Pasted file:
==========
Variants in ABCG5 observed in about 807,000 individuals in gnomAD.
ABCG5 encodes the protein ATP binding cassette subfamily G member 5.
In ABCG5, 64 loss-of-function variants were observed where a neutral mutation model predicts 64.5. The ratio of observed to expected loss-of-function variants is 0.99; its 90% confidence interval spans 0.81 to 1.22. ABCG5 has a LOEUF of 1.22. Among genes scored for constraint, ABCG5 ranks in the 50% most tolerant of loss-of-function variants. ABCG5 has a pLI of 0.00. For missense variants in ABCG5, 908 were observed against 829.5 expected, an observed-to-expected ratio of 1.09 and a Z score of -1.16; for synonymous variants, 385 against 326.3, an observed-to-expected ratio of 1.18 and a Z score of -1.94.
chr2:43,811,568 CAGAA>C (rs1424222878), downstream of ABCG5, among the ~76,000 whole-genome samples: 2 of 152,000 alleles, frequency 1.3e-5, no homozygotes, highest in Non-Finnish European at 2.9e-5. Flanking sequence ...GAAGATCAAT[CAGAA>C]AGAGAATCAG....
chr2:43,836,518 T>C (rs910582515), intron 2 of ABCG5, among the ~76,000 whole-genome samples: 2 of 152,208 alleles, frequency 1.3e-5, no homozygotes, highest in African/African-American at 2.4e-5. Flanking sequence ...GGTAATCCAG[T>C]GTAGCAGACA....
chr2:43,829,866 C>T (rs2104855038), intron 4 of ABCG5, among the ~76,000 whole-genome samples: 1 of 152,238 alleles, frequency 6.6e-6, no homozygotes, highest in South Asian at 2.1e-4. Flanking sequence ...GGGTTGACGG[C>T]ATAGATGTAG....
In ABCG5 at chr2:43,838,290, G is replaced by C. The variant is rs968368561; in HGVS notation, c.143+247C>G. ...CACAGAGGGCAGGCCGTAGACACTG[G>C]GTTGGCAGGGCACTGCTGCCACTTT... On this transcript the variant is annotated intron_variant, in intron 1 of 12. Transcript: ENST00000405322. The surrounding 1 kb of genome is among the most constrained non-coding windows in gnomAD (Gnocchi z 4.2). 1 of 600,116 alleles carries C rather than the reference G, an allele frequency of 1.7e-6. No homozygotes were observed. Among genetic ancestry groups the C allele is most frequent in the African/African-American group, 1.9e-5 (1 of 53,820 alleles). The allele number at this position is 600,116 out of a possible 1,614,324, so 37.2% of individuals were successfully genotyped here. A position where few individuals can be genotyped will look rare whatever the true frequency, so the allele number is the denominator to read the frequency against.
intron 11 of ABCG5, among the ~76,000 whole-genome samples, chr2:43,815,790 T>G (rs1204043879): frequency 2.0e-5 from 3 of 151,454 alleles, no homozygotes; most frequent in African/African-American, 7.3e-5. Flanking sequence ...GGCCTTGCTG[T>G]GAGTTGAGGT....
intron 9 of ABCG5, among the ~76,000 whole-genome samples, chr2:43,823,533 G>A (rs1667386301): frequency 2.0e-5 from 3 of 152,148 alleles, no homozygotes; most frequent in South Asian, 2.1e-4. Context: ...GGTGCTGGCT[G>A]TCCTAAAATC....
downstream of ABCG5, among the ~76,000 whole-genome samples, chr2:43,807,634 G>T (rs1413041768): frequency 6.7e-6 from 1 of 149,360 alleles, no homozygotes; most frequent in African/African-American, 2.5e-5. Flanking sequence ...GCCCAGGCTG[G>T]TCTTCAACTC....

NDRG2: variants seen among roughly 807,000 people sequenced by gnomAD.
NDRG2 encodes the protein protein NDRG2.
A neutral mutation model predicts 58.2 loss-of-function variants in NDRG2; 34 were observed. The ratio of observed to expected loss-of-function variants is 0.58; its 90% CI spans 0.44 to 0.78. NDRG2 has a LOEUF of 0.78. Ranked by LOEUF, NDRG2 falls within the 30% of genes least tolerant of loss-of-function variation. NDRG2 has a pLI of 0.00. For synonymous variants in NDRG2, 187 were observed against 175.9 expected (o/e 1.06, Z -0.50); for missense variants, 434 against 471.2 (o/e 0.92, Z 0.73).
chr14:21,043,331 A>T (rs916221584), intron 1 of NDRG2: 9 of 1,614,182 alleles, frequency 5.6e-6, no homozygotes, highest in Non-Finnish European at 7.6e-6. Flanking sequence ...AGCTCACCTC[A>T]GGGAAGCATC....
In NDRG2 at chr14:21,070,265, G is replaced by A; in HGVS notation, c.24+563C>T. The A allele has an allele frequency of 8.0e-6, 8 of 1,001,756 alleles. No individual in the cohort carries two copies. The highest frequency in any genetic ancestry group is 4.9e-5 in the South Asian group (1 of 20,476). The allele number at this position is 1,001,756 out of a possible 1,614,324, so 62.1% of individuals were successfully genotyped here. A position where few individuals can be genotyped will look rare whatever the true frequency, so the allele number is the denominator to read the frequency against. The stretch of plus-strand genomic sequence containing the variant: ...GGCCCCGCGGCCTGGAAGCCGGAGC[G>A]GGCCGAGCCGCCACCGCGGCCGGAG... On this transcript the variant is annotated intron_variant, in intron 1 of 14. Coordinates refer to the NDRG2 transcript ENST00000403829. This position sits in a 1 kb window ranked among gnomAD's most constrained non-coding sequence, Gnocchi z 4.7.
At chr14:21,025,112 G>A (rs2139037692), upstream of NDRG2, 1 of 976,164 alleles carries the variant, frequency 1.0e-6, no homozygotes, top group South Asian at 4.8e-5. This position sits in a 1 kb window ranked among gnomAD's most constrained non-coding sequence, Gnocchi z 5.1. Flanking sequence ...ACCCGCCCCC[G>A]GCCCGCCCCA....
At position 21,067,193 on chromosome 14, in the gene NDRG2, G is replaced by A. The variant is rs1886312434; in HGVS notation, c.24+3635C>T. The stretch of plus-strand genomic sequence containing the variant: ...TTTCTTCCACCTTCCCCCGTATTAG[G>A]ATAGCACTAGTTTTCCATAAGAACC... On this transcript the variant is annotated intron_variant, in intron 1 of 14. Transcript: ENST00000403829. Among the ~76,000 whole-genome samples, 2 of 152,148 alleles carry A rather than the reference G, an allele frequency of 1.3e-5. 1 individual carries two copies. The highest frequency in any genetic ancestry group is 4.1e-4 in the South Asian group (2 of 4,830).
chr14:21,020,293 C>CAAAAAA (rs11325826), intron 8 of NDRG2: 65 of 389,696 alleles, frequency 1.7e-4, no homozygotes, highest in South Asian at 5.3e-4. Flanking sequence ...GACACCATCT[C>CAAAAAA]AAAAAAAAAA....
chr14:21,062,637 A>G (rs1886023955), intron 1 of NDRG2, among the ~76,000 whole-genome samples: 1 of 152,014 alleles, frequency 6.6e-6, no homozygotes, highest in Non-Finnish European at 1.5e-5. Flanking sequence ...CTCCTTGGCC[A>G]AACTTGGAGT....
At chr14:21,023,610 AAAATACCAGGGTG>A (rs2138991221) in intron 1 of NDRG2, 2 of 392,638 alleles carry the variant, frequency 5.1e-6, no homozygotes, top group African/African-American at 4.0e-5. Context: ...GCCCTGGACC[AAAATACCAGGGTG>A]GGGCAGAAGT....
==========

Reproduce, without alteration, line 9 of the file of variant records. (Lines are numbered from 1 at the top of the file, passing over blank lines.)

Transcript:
intron 9 of ABCG5, among the ~76,000 whole-genome samples, chr2:43,823,533 G>A (rs1667386301): frequency 2.0e-5 from 3 of 152,148 alleles, no homozygotes; most frequent in South Asian, 2.1e-4. Context: ...GGTGCTGGCT[G>A]TCCTAAAATC....